2017 finished with quite the bang in terms of huge deals in healthcare. From the CVS purchase of Aetna and its 22 million paying members (which makes for good math if you accept the quoted $69B sales price that would value each insured at $3136. Not a bad investment since in 2016 the average healthcare bill per person in the US was north of $10k) to the slew of Q4 hospital consolidations (Ascension Health & Providence St. Joseph, Advocate Health Care & Aurora Health Care, among others), mergers and acquisitions were the newsmaking stories of the year. And of course, everyone wants to know what Amazon is going to do, which will make for an interesting 2018.
Why are we seeing these huge mergers? One reason is that these types of mergers are, honestly, effective. When you absorb a competitor, you gain market share and resources. Additionally, consolidation allows for increased leverage by way of an instantaneous increase in market footprint. In a heavily regulated market such as healthcare, there are far fewer avenues to sustainable growth versus say, the historically wide(r)-open markets of Silicon Valley.
But what do these blockbuster transactions mean for digital healthcare marketing? Here are three areas to consider:
With competition now fiercer as healthcare superpowers merge and thus pool their collective resources, nimble, consumer-centric marketing will be an absolute necessity for breakout and sustainable growth.
Heavy is the head that wears the crown. With all of the advantages that come from being the largest fish in the pond, these newly merged organizations will become players in a heavyweight battle of patient acquisition and retention. While growth will always continue to be a pillar on which fiscal viability is built upon, a larger portion of these organization’s innovation and marketing strategies will focus on offering value to their existing consumers by way of the connected consumer model – a model other industries like CPG have already embraced and healthcare is only now in a position to capitalize on. We anticipate healthcare organizations large and small will ramp up their efforts to win the hearts and minds on free-market patients through their screens, especially the ones they keep in their pockets and purses. Forward-thinking CMOs and CGOs will look to leverage cutting-edge technologies while developing new formulas to wring every last byte of value from their data.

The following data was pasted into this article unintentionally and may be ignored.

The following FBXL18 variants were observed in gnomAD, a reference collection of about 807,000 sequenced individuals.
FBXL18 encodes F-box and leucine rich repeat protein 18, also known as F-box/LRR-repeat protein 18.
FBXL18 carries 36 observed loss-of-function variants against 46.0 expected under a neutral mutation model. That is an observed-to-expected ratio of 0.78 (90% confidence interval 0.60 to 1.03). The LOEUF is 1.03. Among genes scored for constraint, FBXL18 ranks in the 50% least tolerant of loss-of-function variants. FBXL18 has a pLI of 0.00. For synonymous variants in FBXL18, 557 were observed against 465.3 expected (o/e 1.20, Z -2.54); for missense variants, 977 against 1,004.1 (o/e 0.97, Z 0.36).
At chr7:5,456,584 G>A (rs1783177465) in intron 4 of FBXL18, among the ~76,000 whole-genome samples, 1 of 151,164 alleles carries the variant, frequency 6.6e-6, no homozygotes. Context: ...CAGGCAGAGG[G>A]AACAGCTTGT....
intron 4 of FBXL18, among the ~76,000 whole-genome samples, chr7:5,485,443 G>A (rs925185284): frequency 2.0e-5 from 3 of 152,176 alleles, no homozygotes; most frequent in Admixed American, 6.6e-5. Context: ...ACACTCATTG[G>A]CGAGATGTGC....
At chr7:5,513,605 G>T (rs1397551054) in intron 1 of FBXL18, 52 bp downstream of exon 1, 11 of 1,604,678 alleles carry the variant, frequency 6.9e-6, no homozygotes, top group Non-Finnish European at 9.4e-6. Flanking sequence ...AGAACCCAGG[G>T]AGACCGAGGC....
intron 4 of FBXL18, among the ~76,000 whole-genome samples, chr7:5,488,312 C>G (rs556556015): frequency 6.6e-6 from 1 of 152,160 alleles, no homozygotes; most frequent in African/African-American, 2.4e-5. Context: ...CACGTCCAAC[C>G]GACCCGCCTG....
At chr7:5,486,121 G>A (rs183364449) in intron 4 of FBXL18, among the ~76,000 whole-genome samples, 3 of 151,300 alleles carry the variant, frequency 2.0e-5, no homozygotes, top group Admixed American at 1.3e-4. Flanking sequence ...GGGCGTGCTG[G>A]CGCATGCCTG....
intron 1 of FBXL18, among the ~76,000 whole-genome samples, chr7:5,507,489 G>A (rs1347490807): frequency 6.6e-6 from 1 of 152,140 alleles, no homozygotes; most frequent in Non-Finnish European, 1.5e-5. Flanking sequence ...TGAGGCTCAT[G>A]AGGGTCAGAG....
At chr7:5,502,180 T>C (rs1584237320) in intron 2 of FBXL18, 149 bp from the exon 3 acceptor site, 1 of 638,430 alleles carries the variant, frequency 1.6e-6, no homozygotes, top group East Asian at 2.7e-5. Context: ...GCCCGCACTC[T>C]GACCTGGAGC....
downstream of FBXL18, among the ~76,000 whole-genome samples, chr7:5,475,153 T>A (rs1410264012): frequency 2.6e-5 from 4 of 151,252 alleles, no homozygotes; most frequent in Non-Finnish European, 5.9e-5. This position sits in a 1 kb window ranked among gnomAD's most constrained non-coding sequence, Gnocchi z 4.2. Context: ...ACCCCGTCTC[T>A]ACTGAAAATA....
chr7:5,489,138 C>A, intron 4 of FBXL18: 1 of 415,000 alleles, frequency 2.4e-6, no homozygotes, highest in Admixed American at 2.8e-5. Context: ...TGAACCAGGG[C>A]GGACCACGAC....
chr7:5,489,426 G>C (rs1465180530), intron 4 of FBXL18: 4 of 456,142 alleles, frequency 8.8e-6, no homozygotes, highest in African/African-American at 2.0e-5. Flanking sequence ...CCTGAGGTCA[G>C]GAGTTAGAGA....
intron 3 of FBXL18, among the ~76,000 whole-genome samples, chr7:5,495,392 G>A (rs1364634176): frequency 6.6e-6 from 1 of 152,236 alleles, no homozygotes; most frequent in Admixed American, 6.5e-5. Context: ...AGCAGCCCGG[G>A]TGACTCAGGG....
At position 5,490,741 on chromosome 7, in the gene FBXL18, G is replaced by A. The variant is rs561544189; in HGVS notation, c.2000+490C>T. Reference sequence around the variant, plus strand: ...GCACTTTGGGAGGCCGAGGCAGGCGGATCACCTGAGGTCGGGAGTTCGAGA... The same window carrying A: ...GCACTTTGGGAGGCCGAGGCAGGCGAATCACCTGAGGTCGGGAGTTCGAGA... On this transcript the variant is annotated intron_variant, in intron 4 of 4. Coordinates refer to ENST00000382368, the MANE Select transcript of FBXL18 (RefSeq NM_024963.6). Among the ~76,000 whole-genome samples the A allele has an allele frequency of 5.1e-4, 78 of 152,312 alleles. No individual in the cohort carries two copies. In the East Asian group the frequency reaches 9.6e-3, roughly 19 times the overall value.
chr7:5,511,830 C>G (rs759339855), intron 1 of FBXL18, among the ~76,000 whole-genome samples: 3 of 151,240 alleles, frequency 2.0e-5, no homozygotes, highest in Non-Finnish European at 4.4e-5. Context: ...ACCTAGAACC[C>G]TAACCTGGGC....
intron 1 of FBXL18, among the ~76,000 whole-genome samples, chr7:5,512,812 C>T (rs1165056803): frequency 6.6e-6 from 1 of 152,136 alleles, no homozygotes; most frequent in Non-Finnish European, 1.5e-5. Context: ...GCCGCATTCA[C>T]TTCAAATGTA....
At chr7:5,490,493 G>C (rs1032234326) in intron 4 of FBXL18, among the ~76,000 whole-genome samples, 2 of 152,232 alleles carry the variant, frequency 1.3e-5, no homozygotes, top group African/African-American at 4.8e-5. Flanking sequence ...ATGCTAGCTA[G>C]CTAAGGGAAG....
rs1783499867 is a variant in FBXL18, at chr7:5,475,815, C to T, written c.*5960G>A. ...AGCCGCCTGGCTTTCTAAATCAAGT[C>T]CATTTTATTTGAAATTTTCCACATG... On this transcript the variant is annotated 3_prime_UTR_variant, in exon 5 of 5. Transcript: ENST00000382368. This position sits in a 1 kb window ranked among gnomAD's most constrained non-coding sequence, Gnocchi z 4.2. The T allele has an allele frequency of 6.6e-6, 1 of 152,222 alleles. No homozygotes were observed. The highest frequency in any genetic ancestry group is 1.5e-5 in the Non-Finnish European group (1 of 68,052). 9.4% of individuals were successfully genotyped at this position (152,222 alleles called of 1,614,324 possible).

Consolidation requires restructuring, which is a prime opportunity for busting down silos.
In the arena of consolidation, the CVS/Aetna deal makes sense for both parties on several levels. On one hand Aetna received a nice premium over their listed stock price at the time of the deal (29 percent) while CVS bought 22 million policyholders that they can now incentivize to fill prescriptions and seek doc-in-a-box level care at their 9,700 storefronts. Keeping these newly-won policyholders within the CVS/Aetna system will now require a change in focus – as most canned hunts do – from new acquisitions to one of retention. In order to push the type of forward-thinking and nimble marketing initiatives we discussed in our first point, these newly-merged organizations will need to economize their own communications, be they internal, B2B, or B2C – this will necessitate the breaking down of silos, and thinking more agile and less waterfall.
Scalability will move up the importance ladder as organizations exhaust their existing economies of scale and require new approaches to data-driven marketing initiatives.
While initially these larger organizations will enjoy the immediate payoff associated with their newfound bulk/power, they will soon see their traditional revenue models hit their limits and will therefore need to audit their entire organization for efficiencies that may not have yet been noticed – or worse, have been identified by their competitors. Machine learning, advanced modelling, and a deeper investment in data analytics will justify incremental advantages that will translates into millions for shareholders. All of these newfound insights will be channeled back to the front lines: creating a more meaningful user experience from removing pain points such as simplifying enrollment processes to offering convenient, tech-forward solutions like telemedicine. There is a status shift happening right now, where consumers are demanding a shift in messaging from “come get what we got” to “we understand your wants and needs so well we can tailor our product to fully satisfy both.”
We at Enilon think a conversation around developing a patient-centric, internally and externally connected digital marketing program is a good conversation to have for any healthcare organization. We’ve been pointing our client’s marketing efforts in this direction for years, working with them from inception to execution to realize greater growth and stronger relationships.
If this sounds like a conversation you’d like to be a part of, we’re listening.
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